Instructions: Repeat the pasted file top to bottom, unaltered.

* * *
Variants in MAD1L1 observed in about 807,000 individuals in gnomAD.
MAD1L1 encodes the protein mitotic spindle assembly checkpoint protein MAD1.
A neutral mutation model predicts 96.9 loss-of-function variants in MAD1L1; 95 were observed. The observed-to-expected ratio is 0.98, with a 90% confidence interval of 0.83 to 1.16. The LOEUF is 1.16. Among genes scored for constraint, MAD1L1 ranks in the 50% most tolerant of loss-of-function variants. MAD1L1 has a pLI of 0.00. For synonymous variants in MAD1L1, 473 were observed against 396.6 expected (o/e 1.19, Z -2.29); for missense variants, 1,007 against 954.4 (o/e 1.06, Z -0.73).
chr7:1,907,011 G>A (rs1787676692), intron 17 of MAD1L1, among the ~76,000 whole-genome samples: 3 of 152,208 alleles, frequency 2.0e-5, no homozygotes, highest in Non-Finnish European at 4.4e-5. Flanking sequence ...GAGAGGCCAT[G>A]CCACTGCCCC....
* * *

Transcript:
Variants in MAD1L1 observed in about 807,000 individuals in gnomAD.
MAD1L1 encodes the protein mitotic spindle assembly checkpoint protein MAD1.
A neutral mutation model predicts 96.9 loss-of-function variants in MAD1L1; 95 were observed. The observed-to-expected ratio is 0.98, with a 90% confidence interval of 0.83 to 1.16. The LOEUF is 1.16. Among genes scored for constraint, MAD1L1 ranks in the 50% most tolerant of loss-of-function variants. MAD1L1 has a pLI of 0.00. For synonymous variants in MAD1L1, 473 were observed against 396.6 expected (o/e 1.19, Z -2.29); for missense variants, 1,007 against 954.4 (o/e 1.06, Z -0.73).
chr7:1,907,011 G>A (rs1787676692), intron 17 of MAD1L1, among the ~76,000 whole-genome samples: 3 of 152,208 alleles, frequency 2.0e-5, no homozygotes, highest in Non-Finnish European at 4.4e-5. Flanking sequence ...GAGAGGCCAT[G>A]CCACTGCCCC....